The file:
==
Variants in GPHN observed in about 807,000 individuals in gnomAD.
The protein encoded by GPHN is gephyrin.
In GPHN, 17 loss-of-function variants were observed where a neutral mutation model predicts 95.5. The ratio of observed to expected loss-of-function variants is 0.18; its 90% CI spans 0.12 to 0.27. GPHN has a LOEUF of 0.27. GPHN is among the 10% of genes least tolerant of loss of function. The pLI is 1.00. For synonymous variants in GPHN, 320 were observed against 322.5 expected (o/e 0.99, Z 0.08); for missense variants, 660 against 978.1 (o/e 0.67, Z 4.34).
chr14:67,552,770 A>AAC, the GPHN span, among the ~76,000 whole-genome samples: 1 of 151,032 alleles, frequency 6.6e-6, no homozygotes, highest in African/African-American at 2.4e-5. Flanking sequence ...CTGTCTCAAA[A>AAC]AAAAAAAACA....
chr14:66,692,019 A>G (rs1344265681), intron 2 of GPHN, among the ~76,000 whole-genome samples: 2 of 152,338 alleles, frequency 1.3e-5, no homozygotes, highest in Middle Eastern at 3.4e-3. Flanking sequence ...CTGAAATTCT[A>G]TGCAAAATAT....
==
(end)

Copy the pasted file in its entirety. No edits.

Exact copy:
Variants in GPHN observed in about 807,000 individuals in gnomAD.
The protein encoded by GPHN is gephyrin.
In GPHN, 17 loss-of-function variants were observed where a neutral mutation model predicts 95.5. The ratio of observed to expected loss-of-function variants is 0.18; its 90% CI spans 0.12 to 0.27. GPHN has a LOEUF of 0.27. GPHN is among the 10% of genes least tolerant of loss of function. The pLI is 1.00. For synonymous variants in GPHN, 320 were observed against 322.5 expected (o/e 0.99, Z 0.08); for missense variants, 660 against 978.1 (o/e 0.67, Z 4.34).
chr14:67,552,770 A>AAC, the GPHN span, among the ~76,000 whole-genome samples: 1 of 151,032 alleles, frequency 6.6e-6, no homozygotes, highest in African/African-American at 2.4e-5. Flanking sequence ...CTGTCTCAAA[A>AAC]AAAAAAAACA....
chr14:66,692,019 A>G (rs1344265681), intron 2 of GPHN, among the ~76,000 whole-genome samples: 2 of 152,338 alleles, frequency 1.3e-5, no homozygotes, highest in Middle Eastern at 3.4e-3. Flanking sequence ...CTGAAATTCT[A>G]TGCAAAATAT....